Disturbance and change in biodiversity

Research output: Contribution to journalArticlepeer-review

101 Citations (Scopus)

Abstract

Understanding how disturbance affects biodiversity is important for both fundamental and applied reasons. Here, I investigate how disturbances with different ecological effects change biodiversity metrics. I define three main types of disturbance effects: D disturbance (shifts in mortality rate), B disturbance (shifts in reproductive rates) and K disturbance (shifts in carrying capacity). Numerous composite disturbances can be defined including any combination of these three types of ecological effects. The consequences of D, B and K disturbances, as well as of composite DBK disturbances are examined by comparing metrics before and after a disturbance, in disturbed and undisturbed communities. I use simulations of neutral communities and examine species richness, total abundance and species abundance distributions. The patterns of change in biodiversity metrics are consistent among different types of disturbance. K disturbance has the most severe effects, followed by D disturbance, and B disturbance has nearly negligible effects. Consequences of composite DBK disturbances are more complex than any of the three types of disturbance, with unimodal relationships along a disturbance gradient arising when D, B and K are negatively correlated. Importantly, regardless of disturbance type, community isolation enhances the negative consequences and hinders the positive effects of disturbances.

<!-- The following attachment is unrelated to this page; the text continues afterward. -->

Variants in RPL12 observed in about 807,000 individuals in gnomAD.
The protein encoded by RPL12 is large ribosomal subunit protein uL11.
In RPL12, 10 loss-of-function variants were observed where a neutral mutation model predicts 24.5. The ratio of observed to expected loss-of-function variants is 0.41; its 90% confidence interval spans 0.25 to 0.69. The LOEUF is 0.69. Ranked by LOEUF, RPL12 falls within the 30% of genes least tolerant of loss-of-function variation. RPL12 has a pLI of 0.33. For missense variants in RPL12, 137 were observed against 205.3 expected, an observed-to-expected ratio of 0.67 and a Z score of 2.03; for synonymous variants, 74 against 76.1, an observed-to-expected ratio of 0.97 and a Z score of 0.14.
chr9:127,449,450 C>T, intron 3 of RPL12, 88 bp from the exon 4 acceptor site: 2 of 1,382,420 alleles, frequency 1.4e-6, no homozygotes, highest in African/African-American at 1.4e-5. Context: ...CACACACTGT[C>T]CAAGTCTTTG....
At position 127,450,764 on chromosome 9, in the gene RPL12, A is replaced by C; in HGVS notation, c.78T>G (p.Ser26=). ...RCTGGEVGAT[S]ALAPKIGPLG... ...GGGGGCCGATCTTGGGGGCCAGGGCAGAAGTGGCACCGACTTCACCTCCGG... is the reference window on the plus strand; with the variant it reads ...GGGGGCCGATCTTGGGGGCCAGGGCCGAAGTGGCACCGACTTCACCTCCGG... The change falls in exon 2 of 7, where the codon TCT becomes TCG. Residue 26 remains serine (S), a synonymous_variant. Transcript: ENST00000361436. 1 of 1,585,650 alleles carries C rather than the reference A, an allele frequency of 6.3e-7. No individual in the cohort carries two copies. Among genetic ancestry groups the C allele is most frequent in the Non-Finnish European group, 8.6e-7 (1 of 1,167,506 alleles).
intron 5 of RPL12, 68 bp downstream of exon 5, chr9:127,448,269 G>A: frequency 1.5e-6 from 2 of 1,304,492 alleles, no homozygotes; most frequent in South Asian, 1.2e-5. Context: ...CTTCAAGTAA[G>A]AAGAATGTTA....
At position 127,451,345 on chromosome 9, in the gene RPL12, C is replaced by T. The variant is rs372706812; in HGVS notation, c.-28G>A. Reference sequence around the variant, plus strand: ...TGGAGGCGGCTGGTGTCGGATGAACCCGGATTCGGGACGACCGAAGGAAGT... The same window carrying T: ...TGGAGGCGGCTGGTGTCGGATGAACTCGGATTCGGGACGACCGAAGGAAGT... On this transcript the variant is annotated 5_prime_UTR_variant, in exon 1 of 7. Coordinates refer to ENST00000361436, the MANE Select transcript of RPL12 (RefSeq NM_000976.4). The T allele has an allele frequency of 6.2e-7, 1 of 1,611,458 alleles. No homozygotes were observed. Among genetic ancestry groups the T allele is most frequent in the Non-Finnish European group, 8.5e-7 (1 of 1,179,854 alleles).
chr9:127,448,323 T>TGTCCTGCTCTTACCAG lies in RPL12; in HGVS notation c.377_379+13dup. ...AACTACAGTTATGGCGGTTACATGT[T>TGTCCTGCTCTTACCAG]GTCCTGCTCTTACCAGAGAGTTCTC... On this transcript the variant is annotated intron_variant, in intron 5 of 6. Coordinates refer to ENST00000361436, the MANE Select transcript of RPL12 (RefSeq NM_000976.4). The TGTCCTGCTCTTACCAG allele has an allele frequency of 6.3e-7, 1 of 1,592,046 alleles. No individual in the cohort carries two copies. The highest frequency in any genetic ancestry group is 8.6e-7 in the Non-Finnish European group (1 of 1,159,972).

Original languageEnglish
Pages (from-to)3719-3727
Number of pages9
JournalPhilosophical Transactions of the Royal Society. B, Biological Sciences
Volume365
Issue number1558
DOIs
Publication statusPublished - 27 Nov 2010

Keywords

  • perturbation
  • species richness
  • neutral model
  • stress
  • threat
  • diversity
  • species abundance distributions
  • neutral theory
  • rain-forests
  • coral-reefs
  • communities
  • ecology
  • productivity
  • pollution
  • patterns

Fingerprint

Dive into the research topics of 'Disturbance and change in biodiversity'. Together they form a unique fingerprint.

Cite this